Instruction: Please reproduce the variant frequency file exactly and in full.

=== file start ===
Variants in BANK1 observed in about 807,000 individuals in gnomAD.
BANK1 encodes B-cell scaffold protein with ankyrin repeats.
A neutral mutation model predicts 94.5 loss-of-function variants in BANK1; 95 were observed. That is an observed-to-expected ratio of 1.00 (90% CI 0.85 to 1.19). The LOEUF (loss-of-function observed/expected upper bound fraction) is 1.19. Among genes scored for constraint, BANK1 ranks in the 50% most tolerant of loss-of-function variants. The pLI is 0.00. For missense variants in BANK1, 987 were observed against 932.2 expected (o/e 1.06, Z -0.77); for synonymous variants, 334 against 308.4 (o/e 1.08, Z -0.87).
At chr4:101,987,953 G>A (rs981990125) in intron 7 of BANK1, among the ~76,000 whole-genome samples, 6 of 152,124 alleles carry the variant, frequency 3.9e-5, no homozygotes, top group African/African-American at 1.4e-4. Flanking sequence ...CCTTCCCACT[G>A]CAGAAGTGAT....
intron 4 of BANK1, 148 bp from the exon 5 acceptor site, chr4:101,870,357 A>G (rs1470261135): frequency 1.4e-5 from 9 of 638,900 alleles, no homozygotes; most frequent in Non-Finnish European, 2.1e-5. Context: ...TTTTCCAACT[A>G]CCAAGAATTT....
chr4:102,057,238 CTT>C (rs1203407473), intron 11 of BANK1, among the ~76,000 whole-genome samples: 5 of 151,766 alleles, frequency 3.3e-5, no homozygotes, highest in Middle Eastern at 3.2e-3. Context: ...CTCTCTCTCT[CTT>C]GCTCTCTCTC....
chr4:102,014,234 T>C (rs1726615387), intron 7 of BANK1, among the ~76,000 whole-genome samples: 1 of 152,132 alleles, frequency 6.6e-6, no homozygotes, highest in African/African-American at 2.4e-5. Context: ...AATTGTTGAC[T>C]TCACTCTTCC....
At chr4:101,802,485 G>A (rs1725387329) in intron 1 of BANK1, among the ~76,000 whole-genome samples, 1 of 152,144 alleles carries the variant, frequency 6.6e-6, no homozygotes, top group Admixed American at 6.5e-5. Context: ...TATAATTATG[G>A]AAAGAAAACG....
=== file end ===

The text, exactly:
Variants in BANK1 observed in about 807,000 individuals in gnomAD.
BANK1 encodes B-cell scaffold protein with ankyrin repeats.
A neutral mutation model predicts 94.5 loss-of-function variants in BANK1; 95 were observed. That is an observed-to-expected ratio of 1.00 (90% CI 0.85 to 1.19). The LOEUF (loss-of-function observed/expected upper bound fraction) is 1.19. Among genes scored for constraint, BANK1 ranks in the 50% most tolerant of loss-of-function variants. The pLI is 0.00. For missense variants in BANK1, 987 were observed against 932.2 expected (o/e 1.06, Z -0.77); for synonymous variants, 334 against 308.4 (o/e 1.08, Z -0.87).
At chr4:101,987,953 G>A (rs981990125) in intron 7 of BANK1, among the ~76,000 whole-genome samples, 6 of 152,124 alleles carry the variant, frequency 3.9e-5, no homozygotes, top group African/African-American at 1.4e-4. Flanking sequence ...CCTTCCCACT[G>A]CAGAAGTGAT....
intron 4 of BANK1, 148 bp from the exon 5 acceptor site, chr4:101,870,357 A>G (rs1470261135): frequency 1.4e-5 from 9 of 638,900 alleles, no homozygotes; most frequent in Non-Finnish European, 2.1e-5. Context: ...TTTTCCAACT[A>G]CCAAGAATTT....
chr4:102,057,238 CTT>C (rs1203407473), intron 11 of BANK1, among the ~76,000 whole-genome samples: 5 of 151,766 alleles, frequency 3.3e-5, no homozygotes, highest in Middle Eastern at 3.2e-3. Context: ...CTCTCTCTCT[CTT>C]GCTCTCTCTC....
chr4:102,014,234 T>C (rs1726615387), intron 7 of BANK1, among the ~76,000 whole-genome samples: 1 of 152,132 alleles, frequency 6.6e-6, no homozygotes, highest in African/African-American at 2.4e-5. Context: ...AATTGTTGAC[T>C]TCACTCTTCC....
At chr4:101,802,485 G>A (rs1725387329) in intron 1 of BANK1, among the ~76,000 whole-genome samples, 1 of 152,144 alleles carries the variant, frequency 6.6e-6, no homozygotes, top group Admixed American at 6.5e-5. Context: ...TATAATTATG[G>A]AAAGAAAACG....